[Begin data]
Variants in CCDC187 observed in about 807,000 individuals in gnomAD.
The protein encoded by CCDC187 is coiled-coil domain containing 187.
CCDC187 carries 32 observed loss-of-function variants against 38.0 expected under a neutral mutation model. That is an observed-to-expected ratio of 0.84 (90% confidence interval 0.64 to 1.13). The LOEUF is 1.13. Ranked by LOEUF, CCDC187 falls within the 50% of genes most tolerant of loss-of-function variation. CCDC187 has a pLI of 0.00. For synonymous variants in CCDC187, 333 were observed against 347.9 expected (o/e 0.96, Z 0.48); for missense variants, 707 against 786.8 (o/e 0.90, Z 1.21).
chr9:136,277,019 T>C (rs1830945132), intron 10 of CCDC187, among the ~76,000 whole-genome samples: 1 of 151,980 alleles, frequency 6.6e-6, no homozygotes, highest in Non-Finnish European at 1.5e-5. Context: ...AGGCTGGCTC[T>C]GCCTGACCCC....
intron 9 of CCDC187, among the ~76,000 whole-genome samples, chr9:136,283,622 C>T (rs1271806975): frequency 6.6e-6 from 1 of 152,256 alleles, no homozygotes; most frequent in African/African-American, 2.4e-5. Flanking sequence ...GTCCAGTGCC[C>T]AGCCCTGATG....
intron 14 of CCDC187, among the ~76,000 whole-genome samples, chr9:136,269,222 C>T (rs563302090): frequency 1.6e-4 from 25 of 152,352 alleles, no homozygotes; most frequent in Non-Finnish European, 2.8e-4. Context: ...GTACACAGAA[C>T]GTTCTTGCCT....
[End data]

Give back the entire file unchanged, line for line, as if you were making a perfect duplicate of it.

Variants in CCDC187 observed in about 807,000 individuals in gnomAD.
The protein encoded by CCDC187 is coiled-coil domain containing 187.
CCDC187 carries 32 observed loss-of-function variants against 38.0 expected under a neutral mutation model. That is an observed-to-expected ratio of 0.84 (90% confidence interval 0.64 to 1.13). The LOEUF is 1.13. Ranked by LOEUF, CCDC187 falls within the 50% of genes most tolerant of loss-of-function variation. CCDC187 has a pLI of 0.00. For synonymous variants in CCDC187, 333 were observed against 347.9 expected (o/e 0.96, Z 0.48); for missense variants, 707 against 786.8 (o/e 0.90, Z 1.21).
chr9:136,277,019 T>C (rs1830945132), intron 10 of CCDC187, among the ~76,000 whole-genome samples: 1 of 151,980 alleles, frequency 6.6e-6, no homozygotes, highest in Non-Finnish European at 1.5e-5. Context: ...AGGCTGGCTC[T>C]GCCTGACCCC....
intron 9 of CCDC187, among the ~76,000 whole-genome samples, chr9:136,283,622 C>T (rs1271806975): frequency 6.6e-6 from 1 of 152,256 alleles, no homozygotes; most frequent in African/African-American, 2.4e-5. Flanking sequence ...GTCCAGTGCC[C>T]AGCCCTGATG....
intron 14 of CCDC187, among the ~76,000 whole-genome samples, chr9:136,269,222 C>T (rs563302090): frequency 1.6e-4 from 25 of 152,352 alleles, no homozygotes; most frequent in Non-Finnish European, 2.8e-4. Context: ...GTACACAGAA[C>T]GTTCTTGCCT....